Tumi Moleko-Nkomo worked in the television industry for the longest time. But when the Covid-19 pandemic hit, her work dried up. She was forced to look at alternative methods of income and decided to turn her passion for making cannabis edibles into a business.
“When Covid hit, productions came to a halt so there wasn’t much going on. I was really bored because I’m somebody who likes to stay very busy,” Moleko Nkomo remembers. She started thinking about the things she enjoys doing just to occupy her time.
It then occurred to her that she often makes cannabis edibles for her friends and family, and that making edibles during a stressful event like the pandemic helped aid many people in easing their anxiety.
“The anxiety of not knowing what’s going on or what’s going to happen … people losing things. It seemed to help with their anxiety and just to mellow them out and take the edge off.”
The legislation around selling cannabis and cannabis-infused products is still being developed. This is why, when Moleko-Nkomo decided that she wants to sell her products, the first person she consulted was her lawyer.
“I went online and did a bit of research. I realised that there isn’t much in terms of regulation and that the government was really slow on the uptake with everything cannabis related. And so I spoke to my lawyer. He just said ‘well, these are the legalities behind it. They’re not quite clear.”
How to fund a cannabis business?
Moleko-Nkomo is the owner of iCanna, an online edibles business where she sells cannabis-infused teas, baked goods and tinctures. She sources cannabis from a licensed grower, and ships her product across the country.
“I don’t grow my own cannabis because I live in a complex. I really don’t have that kind of space. But I do work with the grower out in Brits. Every week, he’ll deliver what I need to get production going, which is always a lot less than what I actually need. We stay within the 1.2kg regulation.”
Outside of the produce limitation, Moleko-Nkomo says one of her biggest challenges is a lack of financing. Unclear legislation around cannabis and conservative views exclude cannabis businesses from traditional financing.
“I have so many ideas on how I’d like to grow the business and the directions in which I’d like to take it. But it’s just so expensive to set up. From the lawyers that I would need to have, to the property. The whole setup of it is really, really quite expensive.”
Another challenge Moleko-Nkomo points out is that the unclear legislation around cannabis leaves cannabis businesses unprotected. She says since she started her business, she has experienced harassment from people, but has been unable to go to the police.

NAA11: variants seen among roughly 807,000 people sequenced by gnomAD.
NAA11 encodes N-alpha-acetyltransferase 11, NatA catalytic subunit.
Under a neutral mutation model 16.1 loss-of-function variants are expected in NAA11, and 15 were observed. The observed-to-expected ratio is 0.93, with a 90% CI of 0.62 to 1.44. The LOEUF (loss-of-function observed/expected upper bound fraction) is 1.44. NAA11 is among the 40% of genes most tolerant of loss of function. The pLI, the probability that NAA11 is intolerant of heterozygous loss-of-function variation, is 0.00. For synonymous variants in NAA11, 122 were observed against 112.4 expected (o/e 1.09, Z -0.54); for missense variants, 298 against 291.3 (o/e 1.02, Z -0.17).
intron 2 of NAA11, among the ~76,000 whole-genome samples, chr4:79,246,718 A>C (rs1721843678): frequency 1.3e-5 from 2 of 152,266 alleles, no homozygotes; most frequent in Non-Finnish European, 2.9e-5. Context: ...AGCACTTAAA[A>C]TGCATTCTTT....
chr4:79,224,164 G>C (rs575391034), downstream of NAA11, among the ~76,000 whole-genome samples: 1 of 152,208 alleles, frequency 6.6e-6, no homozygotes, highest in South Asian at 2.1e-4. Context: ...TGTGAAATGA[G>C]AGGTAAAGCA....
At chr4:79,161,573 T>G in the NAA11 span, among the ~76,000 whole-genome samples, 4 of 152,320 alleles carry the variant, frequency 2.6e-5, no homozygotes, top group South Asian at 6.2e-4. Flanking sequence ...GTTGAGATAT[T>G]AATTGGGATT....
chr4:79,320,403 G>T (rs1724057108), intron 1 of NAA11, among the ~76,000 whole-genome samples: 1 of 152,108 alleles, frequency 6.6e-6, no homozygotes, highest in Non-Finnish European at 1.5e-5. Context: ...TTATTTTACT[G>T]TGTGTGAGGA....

“People don’t understand how cannabis isn’t just that thing that you do in a backyard alley. It’s actually a lifestyle. It’s such a dynamic plant, but people still have very backward views on it
“So it’s very difficult to report some of these things that happen. The government [needs to] get their act together and actually put clear legislation in place for cannabis dealers and people like me who make so many different products out of cannabis. If there’s clear legislation, we become more protected. Right now, we’re just really flapping in the breeze and waiting for people to figure out what they’re doing.”
Creating an inclusive industry
Despite unclear legislation, South Africa’s cannabis industry is growing. However, Moleko-Nkomo says that it has already become an industry that excludes black people. Steep start-up costs serves as a barrier to entry to many people.
“It makes it difficult for people who don’t come from wealth, or from some sort of privilege, to be able to break into the industry at the level that they’re at. [The wealthy] are able to pay for these expensive licenses quite easily.”
She says that many black cannabis business owners are now looking at ways to establish a more inclusive, black-owned arm of the industry, something she is happy to see.
“As it stands now, the people that were able to buy these licenses and get these licenses in time, before we clocked what’s going on, are so far ahead and they’ve really closed ranks. And we have no other choice but to do our own thing. So, the sense of community is there within black cannabis dealers, and I’m grateful for that.”
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